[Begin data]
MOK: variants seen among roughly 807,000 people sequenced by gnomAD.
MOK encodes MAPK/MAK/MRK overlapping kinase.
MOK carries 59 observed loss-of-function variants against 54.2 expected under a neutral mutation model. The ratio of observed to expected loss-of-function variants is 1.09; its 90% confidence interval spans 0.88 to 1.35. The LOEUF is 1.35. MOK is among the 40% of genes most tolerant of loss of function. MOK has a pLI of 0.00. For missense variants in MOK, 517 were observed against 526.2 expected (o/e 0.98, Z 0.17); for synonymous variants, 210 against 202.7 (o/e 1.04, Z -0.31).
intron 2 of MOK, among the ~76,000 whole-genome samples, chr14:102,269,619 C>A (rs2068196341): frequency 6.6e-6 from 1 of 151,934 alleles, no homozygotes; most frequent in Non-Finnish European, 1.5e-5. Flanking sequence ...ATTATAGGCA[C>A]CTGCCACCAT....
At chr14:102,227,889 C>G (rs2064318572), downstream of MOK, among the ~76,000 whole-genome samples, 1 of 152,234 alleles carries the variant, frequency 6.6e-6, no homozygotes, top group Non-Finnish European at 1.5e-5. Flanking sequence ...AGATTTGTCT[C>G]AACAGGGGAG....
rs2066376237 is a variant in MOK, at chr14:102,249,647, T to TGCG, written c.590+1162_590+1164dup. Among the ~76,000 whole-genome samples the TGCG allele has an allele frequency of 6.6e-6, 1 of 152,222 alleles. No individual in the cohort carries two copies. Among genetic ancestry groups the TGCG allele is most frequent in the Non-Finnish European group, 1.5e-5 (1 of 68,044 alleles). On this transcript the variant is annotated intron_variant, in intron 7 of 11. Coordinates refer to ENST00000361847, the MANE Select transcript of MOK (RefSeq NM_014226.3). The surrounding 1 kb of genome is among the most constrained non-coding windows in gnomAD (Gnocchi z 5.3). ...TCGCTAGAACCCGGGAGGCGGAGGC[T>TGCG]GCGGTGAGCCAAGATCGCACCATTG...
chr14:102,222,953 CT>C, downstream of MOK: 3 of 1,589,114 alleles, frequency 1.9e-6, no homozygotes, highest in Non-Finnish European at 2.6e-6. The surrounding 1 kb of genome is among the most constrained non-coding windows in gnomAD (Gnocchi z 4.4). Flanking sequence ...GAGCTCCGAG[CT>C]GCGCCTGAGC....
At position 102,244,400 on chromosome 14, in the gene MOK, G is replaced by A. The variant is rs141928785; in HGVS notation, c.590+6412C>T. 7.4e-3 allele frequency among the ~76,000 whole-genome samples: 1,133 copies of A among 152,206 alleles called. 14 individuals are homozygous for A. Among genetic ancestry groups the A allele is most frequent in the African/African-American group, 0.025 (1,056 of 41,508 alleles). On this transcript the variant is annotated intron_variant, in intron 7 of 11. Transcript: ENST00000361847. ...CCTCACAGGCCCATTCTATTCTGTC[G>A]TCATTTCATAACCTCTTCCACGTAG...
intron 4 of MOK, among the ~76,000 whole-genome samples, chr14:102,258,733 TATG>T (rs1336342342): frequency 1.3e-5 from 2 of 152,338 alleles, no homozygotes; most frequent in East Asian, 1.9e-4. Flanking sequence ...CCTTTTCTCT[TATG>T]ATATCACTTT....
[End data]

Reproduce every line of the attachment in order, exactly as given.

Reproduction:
MOK: variants seen among roughly 807,000 people sequenced by gnomAD.
MOK encodes MAPK/MAK/MRK overlapping kinase.
MOK carries 59 observed loss-of-function variants against 54.2 expected under a neutral mutation model. The ratio of observed to expected loss-of-function variants is 1.09; its 90% confidence interval spans 0.88 to 1.35. The LOEUF is 1.35. MOK is among the 40% of genes most tolerant of loss of function. MOK has a pLI of 0.00. For missense variants in MOK, 517 were observed against 526.2 expected (o/e 0.98, Z 0.17); for synonymous variants, 210 against 202.7 (o/e 1.04, Z -0.31).
intron 2 of MOK, among the ~76,000 whole-genome samples, chr14:102,269,619 C>A (rs2068196341): frequency 6.6e-6 from 1 of 151,934 alleles, no homozygotes; most frequent in Non-Finnish European, 1.5e-5. Flanking sequence ...ATTATAGGCA[C>A]CTGCCACCAT....
At chr14:102,227,889 C>G (rs2064318572), downstream of MOK, among the ~76,000 whole-genome samples, 1 of 152,234 alleles carries the variant, frequency 6.6e-6, no homozygotes, top group Non-Finnish European at 1.5e-5. Flanking sequence ...AGATTTGTCT[C>G]AACAGGGGAG....
rs2066376237 is a variant in MOK, at chr14:102,249,647, T to TGCG, written c.590+1162_590+1164dup. Among the ~76,000 whole-genome samples the TGCG allele has an allele frequency of 6.6e-6, 1 of 152,222 alleles. No individual in the cohort carries two copies. Among genetic ancestry groups the TGCG allele is most frequent in the Non-Finnish European group, 1.5e-5 (1 of 68,044 alleles). On this transcript the variant is annotated intron_variant, in intron 7 of 11. Coordinates refer to ENST00000361847, the MANE Select transcript of MOK (RefSeq NM_014226.3). The surrounding 1 kb of genome is among the most constrained non-coding windows in gnomAD (Gnocchi z 5.3). ...TCGCTAGAACCCGGGAGGCGGAGGC[T>TGCG]GCGGTGAGCCAAGATCGCACCATTG...
chr14:102,222,953 CT>C, downstream of MOK: 3 of 1,589,114 alleles, frequency 1.9e-6, no homozygotes, highest in Non-Finnish European at 2.6e-6. The surrounding 1 kb of genome is among the most constrained non-coding windows in gnomAD (Gnocchi z 4.4). Flanking sequence ...GAGCTCCGAG[CT>C]GCGCCTGAGC....
At position 102,244,400 on chromosome 14, in the gene MOK, G is replaced by A. The variant is rs141928785; in HGVS notation, c.590+6412C>T. 7.4e-3 allele frequency among the ~76,000 whole-genome samples: 1,133 copies of A among 152,206 alleles called. 14 individuals are homozygous for A. Among genetic ancestry groups the A allele is most frequent in the African/African-American group, 0.025 (1,056 of 41,508 alleles). On this transcript the variant is annotated intron_variant, in intron 7 of 11. Transcript: ENST00000361847. ...CCTCACAGGCCCATTCTATTCTGTC[G>A]TCATTTCATAACCTCTTCCACGTAG...
intron 4 of MOK, among the ~76,000 whole-genome samples, chr14:102,258,733 TATG>T (rs1336342342): frequency 1.3e-5 from 2 of 152,338 alleles, no homozygotes; most frequent in East Asian, 1.9e-4. Flanking sequence ...CCTTTTCTCT[TATG>T]ATATCACTTT....